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Manson wasn't a revolutionary, he was an aberration

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Manson wasn't a revolutionary, he was an aberration

Post by jade1013 on Wed 6 Jul - 8:48

Manson wasn't a revolutionary, he was an aberration, says Aquarius star David Duchovny

Date July 7, 2016 - 12:00AM  
Michael Idato
Entertainment Editor-at-Large, Los Angeles


David Duchovny as LAPD detective Sam Hodiak in Aquarius. Photo: NBC

The long shadow of notorious American serial killer Charles Manson, whose ascendant personality dominates the narrative of the television series Aquarius, is a misleading contradiction, says the show's star David Duchovny.

The history books mistakenly conflate Manson's madness and genuine social revolution, to the detriment of the latter. "You watch the 1960s which opened with such great hope, where you had these social movements based on unrest and good thinking and good philosophies, coming to a dark close," Duchovny says.

"You had the black movement, you had the Hispanic movement, you had the gay movement, you had women's rights, you had all these social unrest movements happening, movements that were getting stuff done and then you get Manson and society kind of shuts down after that, it was like, this is where it's all going," he says.


David Duchovny in season two of Aquarius. Photo: Presto

In truth, despite presenting as a hippie, and advocating "peace and love", Manson became a cautionary tale used by the establishment media of the day as a showcase for the endgame of the 1960s. "It ends in crazy, drug-fuelled murder, which is obviously not the case but that's the case as historicised," Duchovny says.

In the end, he adds, Manson was little more than a conman. "It's kind of sad to me that he was held up as the apotheosis of the 1960s when in fact he's just an aberration."

In Aquarius, Duchovny plays LAPD detective Sam Hodiak who finds himself enmeshed in a tangle of cases which all seem to lead to hippie bandmaster Charles Manson (Gethin Anthony).

Born in 1960, Duchovny says he, like many Americans of that era, grew up with an awareness of the Manson story. "I was somewhat aware of the case as it happened even though it was more of a west coast thing," he says. "Back then, on the east coast where I grew up, I think we heard of him but there wasn't this obsession.

"I think much like the O. J. Simpson case, everybody gets their crime of the century," he adds. "Other countries have their crimes of the century. We seem to have multiple crimes of the century. The Lindberg baby, then we had Manson, then Son of Sam. Of course this year it's the candidacy of Donald Trump."



The appeal of the Manson story, and its enduring place in American popular culture seems inexplicable. Duchovny says his appeal – if that's even the right word – sits perhaps in the fact that there were various strands of the story which people found compelling.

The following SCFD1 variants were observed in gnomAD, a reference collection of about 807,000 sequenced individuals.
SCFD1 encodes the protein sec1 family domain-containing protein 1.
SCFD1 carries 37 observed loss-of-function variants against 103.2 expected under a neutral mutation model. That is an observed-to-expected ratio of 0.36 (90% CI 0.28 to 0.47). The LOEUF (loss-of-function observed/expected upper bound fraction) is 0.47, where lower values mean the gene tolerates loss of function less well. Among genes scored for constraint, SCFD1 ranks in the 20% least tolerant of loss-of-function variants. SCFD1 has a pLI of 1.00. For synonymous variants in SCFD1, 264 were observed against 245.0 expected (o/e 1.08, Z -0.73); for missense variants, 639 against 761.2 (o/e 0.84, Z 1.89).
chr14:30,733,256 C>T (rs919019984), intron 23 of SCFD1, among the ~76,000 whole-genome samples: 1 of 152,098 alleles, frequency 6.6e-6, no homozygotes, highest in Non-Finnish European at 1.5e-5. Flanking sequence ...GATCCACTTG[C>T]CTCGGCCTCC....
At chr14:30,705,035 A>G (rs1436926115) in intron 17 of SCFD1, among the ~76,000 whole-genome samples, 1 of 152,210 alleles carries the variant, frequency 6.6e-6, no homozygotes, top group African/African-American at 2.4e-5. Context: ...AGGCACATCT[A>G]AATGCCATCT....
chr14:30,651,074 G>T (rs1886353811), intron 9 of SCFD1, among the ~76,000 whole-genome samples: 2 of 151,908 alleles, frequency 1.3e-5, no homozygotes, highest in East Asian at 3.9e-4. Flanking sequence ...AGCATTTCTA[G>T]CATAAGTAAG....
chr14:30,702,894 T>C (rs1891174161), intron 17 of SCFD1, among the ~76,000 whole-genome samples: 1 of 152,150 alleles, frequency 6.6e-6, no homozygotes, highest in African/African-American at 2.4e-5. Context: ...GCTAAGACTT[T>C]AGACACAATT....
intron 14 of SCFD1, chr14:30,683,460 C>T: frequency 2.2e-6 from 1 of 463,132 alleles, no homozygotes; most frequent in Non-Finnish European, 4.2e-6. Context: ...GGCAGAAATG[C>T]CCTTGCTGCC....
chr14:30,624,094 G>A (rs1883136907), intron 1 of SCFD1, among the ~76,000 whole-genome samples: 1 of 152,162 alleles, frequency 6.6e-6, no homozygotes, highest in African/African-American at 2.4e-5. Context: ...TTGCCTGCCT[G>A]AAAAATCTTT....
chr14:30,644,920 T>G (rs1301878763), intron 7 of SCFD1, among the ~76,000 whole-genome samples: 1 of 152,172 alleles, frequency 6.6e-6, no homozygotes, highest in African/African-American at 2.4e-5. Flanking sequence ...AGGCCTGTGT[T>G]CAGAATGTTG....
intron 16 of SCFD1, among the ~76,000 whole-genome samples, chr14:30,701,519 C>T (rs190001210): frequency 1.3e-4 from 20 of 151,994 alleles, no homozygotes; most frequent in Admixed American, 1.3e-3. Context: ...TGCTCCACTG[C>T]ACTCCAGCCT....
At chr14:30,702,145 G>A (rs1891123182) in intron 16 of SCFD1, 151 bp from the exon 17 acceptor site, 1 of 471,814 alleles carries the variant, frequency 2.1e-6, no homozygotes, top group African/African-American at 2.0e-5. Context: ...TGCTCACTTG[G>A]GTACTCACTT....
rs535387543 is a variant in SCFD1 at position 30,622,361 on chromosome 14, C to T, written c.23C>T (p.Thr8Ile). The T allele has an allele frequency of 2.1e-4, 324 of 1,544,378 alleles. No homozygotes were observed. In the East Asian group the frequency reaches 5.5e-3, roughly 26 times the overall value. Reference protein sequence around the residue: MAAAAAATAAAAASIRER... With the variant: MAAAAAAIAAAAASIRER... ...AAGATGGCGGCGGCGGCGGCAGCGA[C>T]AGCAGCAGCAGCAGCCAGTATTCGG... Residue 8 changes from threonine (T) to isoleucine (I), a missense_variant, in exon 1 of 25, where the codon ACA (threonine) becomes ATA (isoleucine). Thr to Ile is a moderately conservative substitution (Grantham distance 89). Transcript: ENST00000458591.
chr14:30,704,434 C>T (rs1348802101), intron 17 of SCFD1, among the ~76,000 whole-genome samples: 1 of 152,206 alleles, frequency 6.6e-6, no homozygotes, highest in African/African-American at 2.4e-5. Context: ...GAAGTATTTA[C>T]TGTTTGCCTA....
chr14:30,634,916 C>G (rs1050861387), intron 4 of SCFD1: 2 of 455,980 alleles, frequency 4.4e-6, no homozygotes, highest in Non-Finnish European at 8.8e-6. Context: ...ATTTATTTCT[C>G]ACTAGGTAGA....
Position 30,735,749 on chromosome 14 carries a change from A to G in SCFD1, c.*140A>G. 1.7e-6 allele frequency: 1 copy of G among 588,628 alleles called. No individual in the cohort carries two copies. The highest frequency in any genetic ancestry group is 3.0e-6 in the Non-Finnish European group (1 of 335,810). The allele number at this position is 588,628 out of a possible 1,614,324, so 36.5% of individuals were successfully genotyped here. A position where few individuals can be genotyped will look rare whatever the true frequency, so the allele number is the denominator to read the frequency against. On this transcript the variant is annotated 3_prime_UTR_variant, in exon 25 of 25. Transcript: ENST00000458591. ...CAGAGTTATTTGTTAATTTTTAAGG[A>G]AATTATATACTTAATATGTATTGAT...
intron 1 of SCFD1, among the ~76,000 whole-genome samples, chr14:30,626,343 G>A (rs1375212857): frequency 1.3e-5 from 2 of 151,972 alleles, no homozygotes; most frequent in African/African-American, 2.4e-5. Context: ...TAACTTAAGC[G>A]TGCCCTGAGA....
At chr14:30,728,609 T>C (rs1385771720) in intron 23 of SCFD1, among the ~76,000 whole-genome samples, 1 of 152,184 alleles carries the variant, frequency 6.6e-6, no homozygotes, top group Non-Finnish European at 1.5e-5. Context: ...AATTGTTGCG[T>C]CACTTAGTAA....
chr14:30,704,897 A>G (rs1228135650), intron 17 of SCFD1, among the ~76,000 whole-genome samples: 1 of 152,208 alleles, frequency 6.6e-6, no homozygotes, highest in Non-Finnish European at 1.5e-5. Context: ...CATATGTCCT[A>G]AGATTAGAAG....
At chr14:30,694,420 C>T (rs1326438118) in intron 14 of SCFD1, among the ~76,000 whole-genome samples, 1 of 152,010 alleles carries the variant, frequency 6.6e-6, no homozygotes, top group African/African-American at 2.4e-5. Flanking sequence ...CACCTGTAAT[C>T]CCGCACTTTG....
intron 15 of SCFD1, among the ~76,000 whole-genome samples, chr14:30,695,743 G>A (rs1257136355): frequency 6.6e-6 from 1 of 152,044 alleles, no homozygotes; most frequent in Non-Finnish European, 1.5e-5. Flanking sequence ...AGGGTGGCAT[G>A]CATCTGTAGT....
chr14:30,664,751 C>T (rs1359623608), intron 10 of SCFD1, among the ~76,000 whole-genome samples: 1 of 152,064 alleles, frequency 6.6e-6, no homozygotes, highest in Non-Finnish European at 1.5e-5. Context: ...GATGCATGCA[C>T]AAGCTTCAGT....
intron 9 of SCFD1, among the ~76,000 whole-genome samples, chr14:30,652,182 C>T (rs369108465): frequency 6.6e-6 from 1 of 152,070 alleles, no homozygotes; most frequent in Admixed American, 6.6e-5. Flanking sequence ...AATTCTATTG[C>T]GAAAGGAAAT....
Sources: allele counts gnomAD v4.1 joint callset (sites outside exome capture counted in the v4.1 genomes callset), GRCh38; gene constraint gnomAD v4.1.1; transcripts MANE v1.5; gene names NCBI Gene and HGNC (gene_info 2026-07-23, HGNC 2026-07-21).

"You had these young girls who were runaways and you had these people talk about free love up there in the ranch, and you had a cult, you had this idea that people murdered for somebody else, that he was this, this super pimp," he says.

"There's just a lot of different angles that are fascinating to people when in fact it's probably just a sad, sad story," he adds.

"You have kids who are runaways and don't have authority figures, they got manipulated by a conman who was really a Scientologist, which unfortunately we don't talk about very much. But to me that's also another really interesting part of the story that we don't get into because everybody's so terrified of those people."

The strength of Sam Hodiak, Duchovny says, lies in the fact that he is a man with a strong moral certainty, living in a time when society's moral compass is shifting.

"He's very much a person that does what he thinks is right regardless of whether other people think it's right," Duchovny says. "He doesn't care so much about what people think about him. He's kind of an anti-hero in that way. You could draw a similar line to Mulder or Hank Moody or a lot of other things that I've done, I guess."

For Duchovny, the attraction is to "a character who has a sense of their own morality, their own code. Characters that kind of make up their own code, here you've got a cop who's got his code written for him, which is the law, but he's still making it up and that's interesting to me."

In the first season finale, Hodiak (Duchovny) shot down two men in a standoff, though there is a lingering question over whether he used excessive force. Anxious to avoid a scandal, the police department awards him a medal of valour, though a sting in the tail is delivered when, during the medal ceremony, Hodiak learns there is a witness to the shooting.

"We pick up literally the same day, same night, we have ongoing strands of story," says Duchovny. "We're an ongoing kind of serial, a kind of soap opera, a police procedural with the dark cloud of the Manson case hanging over it or beside it in this case."

In the first season there was a high level of engagement between Hodiak's own story, and the story of Charles Manson. In the second, Duchovny says, the two worlds are more parallel. "It's almost like they're two concurrent worlds that are happening for the first eight or nine episodes and then they start to go on a collision course again," he says.

The feedback loop for an actor in Hollywood is a complex beast at the best of times, and for Duchovny it's difficult to navigate because several of his key roles, including The X Files' Fox Mulder and Californication's Hank Moody, have retained powerful followings long after the series in which they starred were laid to rest.

"Fans are very different," he says. "Fans are fans of the shows, fans of me. Fans kind of like to mix everything together. They always seem to be saying things like, can't Hodiak and Mulder go do something. Or what happens if Hank was a cop."

It is easier, he says, to remain focused on Aquarius and see it as "something that stands in its own world, on its own merit. I'm just focused on telling this particular story; it's a period show but the issues that we deal with historically in this show are actually issues that are very relevant today."

The feedback loop from his family is much easier to navigate. "My family doesn't talk to me about my work ever, as it should be," he says, smiling wryly.

WHAT Aquarius, season 2